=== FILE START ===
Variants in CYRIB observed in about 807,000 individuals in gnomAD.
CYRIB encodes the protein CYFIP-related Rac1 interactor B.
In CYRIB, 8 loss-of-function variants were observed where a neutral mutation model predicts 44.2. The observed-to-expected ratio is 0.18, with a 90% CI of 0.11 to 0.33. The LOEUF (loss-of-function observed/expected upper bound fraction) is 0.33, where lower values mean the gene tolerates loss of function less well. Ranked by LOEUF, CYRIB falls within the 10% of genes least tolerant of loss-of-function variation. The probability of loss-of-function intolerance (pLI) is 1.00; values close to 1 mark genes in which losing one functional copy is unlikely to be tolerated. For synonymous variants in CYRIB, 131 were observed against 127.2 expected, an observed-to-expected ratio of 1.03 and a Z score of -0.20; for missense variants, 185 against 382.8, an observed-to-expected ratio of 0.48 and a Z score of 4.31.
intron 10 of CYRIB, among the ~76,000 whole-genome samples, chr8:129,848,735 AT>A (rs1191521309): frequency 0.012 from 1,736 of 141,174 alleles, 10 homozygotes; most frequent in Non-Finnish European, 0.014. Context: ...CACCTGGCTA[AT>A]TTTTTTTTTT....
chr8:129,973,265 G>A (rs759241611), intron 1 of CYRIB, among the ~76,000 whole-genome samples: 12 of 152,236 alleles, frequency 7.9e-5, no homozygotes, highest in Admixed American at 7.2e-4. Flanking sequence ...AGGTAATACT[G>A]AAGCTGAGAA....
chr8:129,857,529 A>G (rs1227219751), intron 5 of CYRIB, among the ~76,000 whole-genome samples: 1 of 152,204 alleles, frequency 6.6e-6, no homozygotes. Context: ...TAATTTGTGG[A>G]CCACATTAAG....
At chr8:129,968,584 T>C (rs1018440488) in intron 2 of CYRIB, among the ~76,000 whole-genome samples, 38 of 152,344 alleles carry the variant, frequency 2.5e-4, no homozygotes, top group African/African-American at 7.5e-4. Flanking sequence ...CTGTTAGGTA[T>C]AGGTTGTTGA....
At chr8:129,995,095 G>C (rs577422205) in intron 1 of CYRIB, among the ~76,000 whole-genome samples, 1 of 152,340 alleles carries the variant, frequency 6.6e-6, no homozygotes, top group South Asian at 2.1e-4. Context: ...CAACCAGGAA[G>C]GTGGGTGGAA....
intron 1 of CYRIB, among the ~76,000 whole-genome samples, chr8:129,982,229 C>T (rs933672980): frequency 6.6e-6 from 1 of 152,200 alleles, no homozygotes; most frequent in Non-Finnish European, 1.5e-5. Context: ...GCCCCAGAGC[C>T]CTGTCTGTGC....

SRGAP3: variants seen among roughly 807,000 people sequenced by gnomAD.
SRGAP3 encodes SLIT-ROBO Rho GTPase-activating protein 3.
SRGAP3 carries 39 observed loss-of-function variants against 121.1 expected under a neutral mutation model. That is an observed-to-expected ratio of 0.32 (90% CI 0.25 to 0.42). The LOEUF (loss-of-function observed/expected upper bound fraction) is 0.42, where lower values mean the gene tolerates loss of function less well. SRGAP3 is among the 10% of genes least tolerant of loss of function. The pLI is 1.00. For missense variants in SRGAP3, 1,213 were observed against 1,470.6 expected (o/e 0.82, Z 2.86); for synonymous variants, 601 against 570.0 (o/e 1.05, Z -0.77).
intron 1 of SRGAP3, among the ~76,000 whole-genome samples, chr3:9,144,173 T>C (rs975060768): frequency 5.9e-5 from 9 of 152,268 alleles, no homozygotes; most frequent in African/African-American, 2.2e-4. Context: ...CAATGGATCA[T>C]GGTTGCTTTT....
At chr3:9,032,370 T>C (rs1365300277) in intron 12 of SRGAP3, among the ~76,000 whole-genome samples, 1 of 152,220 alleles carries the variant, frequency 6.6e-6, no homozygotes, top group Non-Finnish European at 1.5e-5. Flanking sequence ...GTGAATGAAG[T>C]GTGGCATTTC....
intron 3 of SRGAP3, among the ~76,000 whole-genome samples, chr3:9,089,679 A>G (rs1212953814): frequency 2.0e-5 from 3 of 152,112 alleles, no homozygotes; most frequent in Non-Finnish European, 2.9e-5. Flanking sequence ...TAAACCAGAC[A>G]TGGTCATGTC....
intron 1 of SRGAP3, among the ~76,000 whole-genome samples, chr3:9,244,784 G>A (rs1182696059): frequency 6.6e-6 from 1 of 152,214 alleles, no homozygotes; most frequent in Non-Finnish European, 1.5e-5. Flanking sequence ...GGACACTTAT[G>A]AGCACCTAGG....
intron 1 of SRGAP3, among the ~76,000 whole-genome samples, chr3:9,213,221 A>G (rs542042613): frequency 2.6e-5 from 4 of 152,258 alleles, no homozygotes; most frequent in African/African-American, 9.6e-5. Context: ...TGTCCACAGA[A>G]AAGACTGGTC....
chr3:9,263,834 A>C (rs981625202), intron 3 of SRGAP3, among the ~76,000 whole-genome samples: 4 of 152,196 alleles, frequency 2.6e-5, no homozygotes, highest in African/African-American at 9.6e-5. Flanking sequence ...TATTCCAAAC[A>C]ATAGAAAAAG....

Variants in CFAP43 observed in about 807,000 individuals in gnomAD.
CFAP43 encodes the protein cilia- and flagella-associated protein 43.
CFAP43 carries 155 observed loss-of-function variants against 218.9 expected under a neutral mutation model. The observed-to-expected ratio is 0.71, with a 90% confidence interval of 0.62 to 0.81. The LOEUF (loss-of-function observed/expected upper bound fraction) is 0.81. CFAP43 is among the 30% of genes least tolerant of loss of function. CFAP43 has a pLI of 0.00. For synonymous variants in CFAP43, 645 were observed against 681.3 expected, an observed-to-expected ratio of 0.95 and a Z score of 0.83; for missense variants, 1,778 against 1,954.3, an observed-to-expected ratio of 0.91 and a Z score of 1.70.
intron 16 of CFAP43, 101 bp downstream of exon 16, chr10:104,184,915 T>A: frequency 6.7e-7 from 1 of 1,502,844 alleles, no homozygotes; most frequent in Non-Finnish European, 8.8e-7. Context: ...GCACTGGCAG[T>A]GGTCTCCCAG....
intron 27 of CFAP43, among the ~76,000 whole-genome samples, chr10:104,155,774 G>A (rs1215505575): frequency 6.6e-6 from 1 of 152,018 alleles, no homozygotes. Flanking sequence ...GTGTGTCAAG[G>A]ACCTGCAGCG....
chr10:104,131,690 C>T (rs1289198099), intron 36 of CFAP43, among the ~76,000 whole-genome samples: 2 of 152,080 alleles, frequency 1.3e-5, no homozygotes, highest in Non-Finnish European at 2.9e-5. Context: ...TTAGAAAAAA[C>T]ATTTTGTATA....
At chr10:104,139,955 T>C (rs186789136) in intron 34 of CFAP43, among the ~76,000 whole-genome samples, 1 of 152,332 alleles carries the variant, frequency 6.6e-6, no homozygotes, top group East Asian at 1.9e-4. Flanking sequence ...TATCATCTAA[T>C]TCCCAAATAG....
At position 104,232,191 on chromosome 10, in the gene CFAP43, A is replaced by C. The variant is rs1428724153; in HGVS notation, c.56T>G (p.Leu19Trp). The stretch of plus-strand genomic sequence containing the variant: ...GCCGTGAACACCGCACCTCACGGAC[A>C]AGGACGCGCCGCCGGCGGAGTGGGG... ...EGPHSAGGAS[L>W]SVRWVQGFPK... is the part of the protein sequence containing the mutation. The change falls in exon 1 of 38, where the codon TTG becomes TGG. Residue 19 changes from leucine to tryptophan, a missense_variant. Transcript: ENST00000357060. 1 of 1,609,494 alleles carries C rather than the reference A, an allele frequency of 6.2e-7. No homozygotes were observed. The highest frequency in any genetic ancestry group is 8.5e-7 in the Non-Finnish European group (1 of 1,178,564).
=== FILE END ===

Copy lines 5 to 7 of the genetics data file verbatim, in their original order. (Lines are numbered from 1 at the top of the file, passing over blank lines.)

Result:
chr8:129,973,265 G>A (rs759241611), intron 1 of CYRIB, among the ~76,000 whole-genome samples: 12 of 152,236 alleles, frequency 7.9e-5, no homozygotes, highest in Admixed American at 7.2e-4. Flanking sequence ...AGGTAATACT[G>A]AAGCTGAGAA....
chr8:129,857,529 A>G (rs1227219751), intron 5 of CYRIB, among the ~76,000 whole-genome samples: 1 of 152,204 alleles, frequency 6.6e-6, no homozygotes. Context: ...TAATTTGTGG[A>G]CCACATTAAG....
At chr8:129,968,584 T>C (rs1018440488) in intron 2 of CYRIB, among the ~76,000 whole-genome samples, 38 of 152,344 alleles carry the variant, frequency 2.5e-4, no homozygotes, top group African/African-American at 7.5e-4. Flanking sequence ...CTGTTAGGTA[T>C]AGGTTGTTGA....